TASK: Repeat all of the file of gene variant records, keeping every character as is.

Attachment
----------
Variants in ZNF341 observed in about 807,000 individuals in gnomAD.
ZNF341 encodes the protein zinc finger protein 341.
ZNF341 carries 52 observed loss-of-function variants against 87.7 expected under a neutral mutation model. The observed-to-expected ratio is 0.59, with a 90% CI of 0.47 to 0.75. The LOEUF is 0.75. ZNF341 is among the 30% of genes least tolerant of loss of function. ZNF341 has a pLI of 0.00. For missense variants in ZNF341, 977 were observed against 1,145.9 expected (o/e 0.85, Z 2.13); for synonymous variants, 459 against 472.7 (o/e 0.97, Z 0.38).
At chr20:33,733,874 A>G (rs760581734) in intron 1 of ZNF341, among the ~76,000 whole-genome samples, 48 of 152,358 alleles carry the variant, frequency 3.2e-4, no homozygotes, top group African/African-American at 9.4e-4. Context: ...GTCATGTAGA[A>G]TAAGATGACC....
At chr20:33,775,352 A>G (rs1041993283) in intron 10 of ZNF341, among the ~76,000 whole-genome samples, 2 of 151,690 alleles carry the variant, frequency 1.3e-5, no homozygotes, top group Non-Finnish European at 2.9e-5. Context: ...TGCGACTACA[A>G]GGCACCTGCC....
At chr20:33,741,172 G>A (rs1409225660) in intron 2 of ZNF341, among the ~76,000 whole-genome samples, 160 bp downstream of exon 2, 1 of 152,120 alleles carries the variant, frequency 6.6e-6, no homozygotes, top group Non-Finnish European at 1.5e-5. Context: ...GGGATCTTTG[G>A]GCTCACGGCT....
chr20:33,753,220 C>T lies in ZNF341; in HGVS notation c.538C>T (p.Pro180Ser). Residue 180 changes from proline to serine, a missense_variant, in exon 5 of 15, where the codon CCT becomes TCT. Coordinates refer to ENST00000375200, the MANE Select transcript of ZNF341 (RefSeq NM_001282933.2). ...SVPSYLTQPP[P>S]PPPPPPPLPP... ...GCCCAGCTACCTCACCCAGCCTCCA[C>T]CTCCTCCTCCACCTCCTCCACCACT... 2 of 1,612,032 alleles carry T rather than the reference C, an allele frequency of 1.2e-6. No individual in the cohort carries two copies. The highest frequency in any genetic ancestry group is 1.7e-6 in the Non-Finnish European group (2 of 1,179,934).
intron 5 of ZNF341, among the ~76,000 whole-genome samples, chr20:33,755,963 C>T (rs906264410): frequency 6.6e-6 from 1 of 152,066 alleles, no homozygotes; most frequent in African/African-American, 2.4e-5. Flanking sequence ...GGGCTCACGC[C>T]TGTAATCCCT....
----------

Variants in ZNF341 observed in about 807,000 individuals in gnomAD.
ZNF341 encodes the protein zinc finger protein 341.
ZNF341 carries 52 observed loss-of-function variants against 87.7 expected under a neutral mutation model. The observed-to-expected ratio is 0.59, with a 90% CI of 0.47 to 0.75. The LOEUF is 0.75. ZNF341 is among the 30% of genes least tolerant of loss of function. ZNF341 has a pLI of 0.00. For missense variants in ZNF341, 977 were observed against 1,145.9 expected (o/e 0.85, Z 2.13); for synonymous variants, 459 against 472.7 (o/e 0.97, Z 0.38).
At chr20:33,733,874 A>G (rs760581734) in intron 1 of ZNF341, among the ~76,000 whole-genome samples, 48 of 152,358 alleles carry the variant, frequency 3.2e-4, no homozygotes, top group African/African-American at 9.4e-4. Context: ...GTCATGTAGA[A>G]TAAGATGACC....
At chr20:33,775,352 A>G (rs1041993283) in intron 10 of ZNF341, among the ~76,000 whole-genome samples, 2 of 151,690 alleles carry the variant, frequency 1.3e-5, no homozygotes, top group Non-Finnish European at 2.9e-5. Context: ...TGCGACTACA[A>G]GGCACCTGCC....
At chr20:33,741,172 G>A (rs1409225660) in intron 2 of ZNF341, among the ~76,000 whole-genome samples, 160 bp downstream of exon 2, 1 of 152,120 alleles carries the variant, frequency 6.6e-6, no homozygotes, top group Non-Finnish European at 1.5e-5. Context: ...GGGATCTTTG[G>A]GCTCACGGCT....
chr20:33,753,220 C>T lies in ZNF341; in HGVS notation c.538C>T (p.Pro180Ser). Residue 180 changes from proline to serine, a missense_variant, in exon 5 of 15, where the codon CCT becomes TCT. Coordinates refer to ENST00000375200, the MANE Select transcript of ZNF341 (RefSeq NM_001282933.2). ...SVPSYLTQPP[P>S]PPPPPPPLPP... ...GCCCAGCTACCTCACCCAGCCTCCA[C>T]CTCCTCCTCCACCTCCTCCACCACT... 2 of 1,612,032 alleles carry T rather than the reference C, an allele frequency of 1.2e-6. No individual in the cohort carries two copies. The highest frequency in any genetic ancestry group is 1.7e-6 in the Non-Finnish European group (2 of 1,179,934).
intron 5 of ZNF341, among the ~76,000 whole-genome samples, chr20:33,755,963 C>T (rs906264410): frequency 6.6e-6 from 1 of 152,066 alleles, no homozygotes; most frequent in African/African-American, 2.4e-5. Flanking sequence ...GGGCTCACGC[C>T]TGTAATCCCT....